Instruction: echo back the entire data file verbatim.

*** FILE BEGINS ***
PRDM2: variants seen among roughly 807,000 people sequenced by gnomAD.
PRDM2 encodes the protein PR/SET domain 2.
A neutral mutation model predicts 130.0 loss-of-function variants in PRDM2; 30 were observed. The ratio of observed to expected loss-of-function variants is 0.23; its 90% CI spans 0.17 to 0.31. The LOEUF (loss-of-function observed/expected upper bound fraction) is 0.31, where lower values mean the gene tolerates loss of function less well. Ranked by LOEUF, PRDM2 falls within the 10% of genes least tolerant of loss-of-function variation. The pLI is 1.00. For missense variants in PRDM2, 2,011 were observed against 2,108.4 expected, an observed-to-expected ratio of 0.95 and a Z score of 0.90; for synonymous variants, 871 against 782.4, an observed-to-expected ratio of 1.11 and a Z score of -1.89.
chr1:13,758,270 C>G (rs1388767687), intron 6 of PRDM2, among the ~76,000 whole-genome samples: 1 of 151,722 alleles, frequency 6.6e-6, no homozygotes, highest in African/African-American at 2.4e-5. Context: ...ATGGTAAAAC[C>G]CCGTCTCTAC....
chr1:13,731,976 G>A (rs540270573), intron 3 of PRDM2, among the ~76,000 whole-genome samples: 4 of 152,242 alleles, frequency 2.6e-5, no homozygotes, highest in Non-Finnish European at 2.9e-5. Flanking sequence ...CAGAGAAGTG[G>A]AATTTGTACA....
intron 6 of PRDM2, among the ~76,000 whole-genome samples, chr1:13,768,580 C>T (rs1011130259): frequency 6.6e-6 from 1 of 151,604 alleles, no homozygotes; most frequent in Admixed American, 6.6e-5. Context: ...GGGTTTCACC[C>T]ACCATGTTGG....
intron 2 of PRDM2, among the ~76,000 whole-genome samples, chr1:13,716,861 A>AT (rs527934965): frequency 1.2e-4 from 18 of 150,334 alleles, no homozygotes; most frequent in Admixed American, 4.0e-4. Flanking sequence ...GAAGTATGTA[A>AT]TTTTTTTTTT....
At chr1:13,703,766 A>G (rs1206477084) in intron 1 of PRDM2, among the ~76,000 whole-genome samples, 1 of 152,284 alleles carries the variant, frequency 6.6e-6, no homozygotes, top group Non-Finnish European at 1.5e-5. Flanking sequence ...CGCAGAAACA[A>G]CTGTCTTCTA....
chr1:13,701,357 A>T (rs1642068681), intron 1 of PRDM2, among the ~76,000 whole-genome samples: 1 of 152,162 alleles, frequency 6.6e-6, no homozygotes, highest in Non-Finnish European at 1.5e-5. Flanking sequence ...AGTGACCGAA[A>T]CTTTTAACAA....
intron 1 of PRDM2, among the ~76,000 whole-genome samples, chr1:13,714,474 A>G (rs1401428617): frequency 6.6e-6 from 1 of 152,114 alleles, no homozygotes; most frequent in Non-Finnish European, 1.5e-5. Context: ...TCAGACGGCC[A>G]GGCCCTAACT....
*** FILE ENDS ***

PRDM2: variants seen among roughly 807,000 people sequenced by gnomAD.
PRDM2 encodes the protein PR/SET domain 2.
A neutral mutation model predicts 130.0 loss-of-function variants in PRDM2; 30 were observed. The ratio of observed to expected loss-of-function variants is 0.23; its 90% CI spans 0.17 to 0.31. The LOEUF (loss-of-function observed/expected upper bound fraction) is 0.31, where lower values mean the gene tolerates loss of function less well. Ranked by LOEUF, PRDM2 falls within the 10% of genes least tolerant of loss-of-function variation. The pLI is 1.00. For missense variants in PRDM2, 2,011 were observed against 2,108.4 expected, an observed-to-expected ratio of 0.95 and a Z score of 0.90; for synonymous variants, 871 against 782.4, an observed-to-expected ratio of 1.11 and a Z score of -1.89.
chr1:13,758,270 C>G (rs1388767687), intron 6 of PRDM2, among the ~76,000 whole-genome samples: 1 of 151,722 alleles, frequency 6.6e-6, no homozygotes, highest in African/African-American at 2.4e-5. Context: ...ATGGTAAAAC[C>G]CCGTCTCTAC....
chr1:13,731,976 G>A (rs540270573), intron 3 of PRDM2, among the ~76,000 whole-genome samples: 4 of 152,242 alleles, frequency 2.6e-5, no homozygotes, highest in Non-Finnish European at 2.9e-5. Flanking sequence ...CAGAGAAGTG[G>A]AATTTGTACA....
intron 6 of PRDM2, among the ~76,000 whole-genome samples, chr1:13,768,580 C>T (rs1011130259): frequency 6.6e-6 from 1 of 151,604 alleles, no homozygotes; most frequent in Admixed American, 6.6e-5. Context: ...GGGTTTCACC[C>T]ACCATGTTGG....
intron 2 of PRDM2, among the ~76,000 whole-genome samples, chr1:13,716,861 A>AT (rs527934965): frequency 1.2e-4 from 18 of 150,334 alleles, no homozygotes; most frequent in Admixed American, 4.0e-4. Flanking sequence ...GAAGTATGTA[A>AT]TTTTTTTTTT....
At chr1:13,703,766 A>G (rs1206477084) in intron 1 of PRDM2, among the ~76,000 whole-genome samples, 1 of 152,284 alleles carries the variant, frequency 6.6e-6, no homozygotes, top group Non-Finnish European at 1.5e-5. Flanking sequence ...CGCAGAAACA[A>G]CTGTCTTCTA....
chr1:13,701,357 A>T (rs1642068681), intron 1 of PRDM2, among the ~76,000 whole-genome samples: 1 of 152,162 alleles, frequency 6.6e-6, no homozygotes, highest in Non-Finnish European at 1.5e-5. Flanking sequence ...AGTGACCGAA[A>T]CTTTTAACAA....
intron 1 of PRDM2, among the ~76,000 whole-genome samples, chr1:13,714,474 A>G (rs1401428617): frequency 6.6e-6 from 1 of 152,114 alleles, no homozygotes; most frequent in Non-Finnish European, 1.5e-5. Context: ...TCAGACGGCC[A>G]GGCCCTAACT....